Al Qaeda and the Surge: A Category Error Masquerading as a Question
Ken Timmerman of NewsMax asks the panel what Al Qaeda would look like if the surge in Iraq never happened “and Al Qaeda was allowed to take over Iraq” — which would be news to the 60 percent of Iraq that’s Shiite and never ever would have permitted such a thing.
Bruce Hoffmann, unsurprisingly, disagrees with the entire premise of Timmerman’s question. The Anbar Awakening, which started before the surge, was more important than the surge, Hoffman says, though he adds that the “surge clearly mattered.” More centrally, “Al Qaeda has always seen Iraq as a diversion,” he adds, to buy time for Al Qaeda to regroup in Pakistan.
Steve Coll, who wrote “Ghost Wars” and “The Bin Ladens,” agrees, and adds that the victory over Al Qaeda in Iraq is more properly seen as a victory for Iraqis.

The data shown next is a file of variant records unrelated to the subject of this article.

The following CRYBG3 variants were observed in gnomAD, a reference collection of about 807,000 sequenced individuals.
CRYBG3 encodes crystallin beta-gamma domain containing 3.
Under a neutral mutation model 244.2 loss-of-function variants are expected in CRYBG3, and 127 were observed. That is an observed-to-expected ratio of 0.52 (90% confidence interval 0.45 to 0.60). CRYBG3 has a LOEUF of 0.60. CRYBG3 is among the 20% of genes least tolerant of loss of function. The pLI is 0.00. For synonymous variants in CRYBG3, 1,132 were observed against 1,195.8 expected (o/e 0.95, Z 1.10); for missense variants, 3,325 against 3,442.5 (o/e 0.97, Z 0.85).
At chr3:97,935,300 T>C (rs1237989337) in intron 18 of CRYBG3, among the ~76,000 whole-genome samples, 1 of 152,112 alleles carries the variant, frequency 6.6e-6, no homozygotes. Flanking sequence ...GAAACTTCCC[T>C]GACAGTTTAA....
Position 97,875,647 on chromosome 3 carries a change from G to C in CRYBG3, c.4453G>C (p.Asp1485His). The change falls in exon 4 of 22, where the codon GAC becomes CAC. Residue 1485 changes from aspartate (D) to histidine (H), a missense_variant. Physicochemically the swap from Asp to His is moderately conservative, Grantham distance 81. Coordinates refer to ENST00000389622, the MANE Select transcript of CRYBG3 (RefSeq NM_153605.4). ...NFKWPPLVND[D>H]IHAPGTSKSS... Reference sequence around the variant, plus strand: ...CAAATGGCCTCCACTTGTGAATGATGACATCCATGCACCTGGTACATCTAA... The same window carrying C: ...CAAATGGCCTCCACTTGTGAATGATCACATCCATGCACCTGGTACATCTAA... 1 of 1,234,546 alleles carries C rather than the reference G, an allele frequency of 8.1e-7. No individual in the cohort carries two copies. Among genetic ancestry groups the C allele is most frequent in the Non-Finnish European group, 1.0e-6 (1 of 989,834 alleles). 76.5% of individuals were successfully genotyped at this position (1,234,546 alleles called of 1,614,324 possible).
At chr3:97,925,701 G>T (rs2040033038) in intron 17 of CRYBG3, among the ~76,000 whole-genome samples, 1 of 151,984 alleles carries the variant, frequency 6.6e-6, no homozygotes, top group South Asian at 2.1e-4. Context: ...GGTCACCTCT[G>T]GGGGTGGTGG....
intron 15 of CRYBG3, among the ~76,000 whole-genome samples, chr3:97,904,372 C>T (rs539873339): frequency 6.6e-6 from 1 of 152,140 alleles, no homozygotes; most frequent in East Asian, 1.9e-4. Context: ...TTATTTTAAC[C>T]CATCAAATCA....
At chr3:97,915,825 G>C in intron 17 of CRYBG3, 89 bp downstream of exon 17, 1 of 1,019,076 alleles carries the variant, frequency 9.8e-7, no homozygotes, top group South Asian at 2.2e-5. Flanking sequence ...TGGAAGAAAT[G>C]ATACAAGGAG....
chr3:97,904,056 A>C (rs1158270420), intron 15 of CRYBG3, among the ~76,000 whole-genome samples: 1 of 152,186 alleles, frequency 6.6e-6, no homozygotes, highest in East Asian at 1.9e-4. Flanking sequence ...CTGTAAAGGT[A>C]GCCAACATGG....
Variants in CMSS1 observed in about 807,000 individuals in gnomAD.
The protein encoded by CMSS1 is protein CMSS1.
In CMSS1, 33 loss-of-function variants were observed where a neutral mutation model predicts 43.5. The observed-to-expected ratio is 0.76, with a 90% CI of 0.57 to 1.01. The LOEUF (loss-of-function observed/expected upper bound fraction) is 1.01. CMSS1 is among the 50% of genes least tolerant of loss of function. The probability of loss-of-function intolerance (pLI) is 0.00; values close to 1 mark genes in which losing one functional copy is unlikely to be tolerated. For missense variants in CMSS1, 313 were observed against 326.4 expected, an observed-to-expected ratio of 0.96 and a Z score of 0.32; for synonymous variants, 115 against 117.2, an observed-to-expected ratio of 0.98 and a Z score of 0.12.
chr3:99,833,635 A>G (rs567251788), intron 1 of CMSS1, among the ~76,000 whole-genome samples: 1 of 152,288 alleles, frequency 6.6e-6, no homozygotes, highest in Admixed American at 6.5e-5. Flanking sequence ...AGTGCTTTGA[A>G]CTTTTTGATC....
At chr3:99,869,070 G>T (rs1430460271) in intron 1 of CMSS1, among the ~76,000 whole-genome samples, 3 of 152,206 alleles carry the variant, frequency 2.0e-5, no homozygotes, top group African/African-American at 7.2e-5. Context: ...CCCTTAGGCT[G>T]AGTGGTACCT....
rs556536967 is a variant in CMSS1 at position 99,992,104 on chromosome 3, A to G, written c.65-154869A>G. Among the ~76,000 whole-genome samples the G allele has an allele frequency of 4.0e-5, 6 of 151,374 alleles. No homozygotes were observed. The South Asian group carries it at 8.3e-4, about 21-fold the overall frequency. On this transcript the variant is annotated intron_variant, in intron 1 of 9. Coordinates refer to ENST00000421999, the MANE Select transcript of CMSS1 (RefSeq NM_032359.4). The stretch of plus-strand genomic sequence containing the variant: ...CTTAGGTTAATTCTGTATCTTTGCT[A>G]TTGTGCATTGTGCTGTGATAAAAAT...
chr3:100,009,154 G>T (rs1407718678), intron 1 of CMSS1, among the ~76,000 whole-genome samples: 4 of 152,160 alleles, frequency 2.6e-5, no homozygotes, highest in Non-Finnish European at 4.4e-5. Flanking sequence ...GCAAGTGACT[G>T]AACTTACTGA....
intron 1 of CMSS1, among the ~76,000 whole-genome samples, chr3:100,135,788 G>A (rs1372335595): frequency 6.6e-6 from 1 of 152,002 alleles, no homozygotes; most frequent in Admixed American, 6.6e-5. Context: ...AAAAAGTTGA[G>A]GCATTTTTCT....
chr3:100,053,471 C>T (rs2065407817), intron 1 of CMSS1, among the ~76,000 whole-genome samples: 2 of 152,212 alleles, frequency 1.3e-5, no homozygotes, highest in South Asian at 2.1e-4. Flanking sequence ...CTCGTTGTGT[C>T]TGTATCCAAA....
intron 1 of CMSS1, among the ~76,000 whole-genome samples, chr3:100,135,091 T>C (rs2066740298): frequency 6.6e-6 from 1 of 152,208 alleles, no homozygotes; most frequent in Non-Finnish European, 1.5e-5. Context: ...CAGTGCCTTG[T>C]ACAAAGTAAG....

And if I can add: Timmerman should be happy that’s the case! Regardless of the immediate politics of the moment, it’s unquestionably better for the long-term war against Al Qaeda if Muslims defeat Al Qaeda. That’s the truest strategic victory there is: an indigenous, authentic, irrefutable setback for the jihadist entity, emanating precisely from the people it’s playing for.
For Americans to claim credit for it is truly to commit a counterproductive category error. (Well, that is, unless the true goal here is to sanctify George W. Bush instead of defeating bin Laden.) Focus, right-wingers, focus!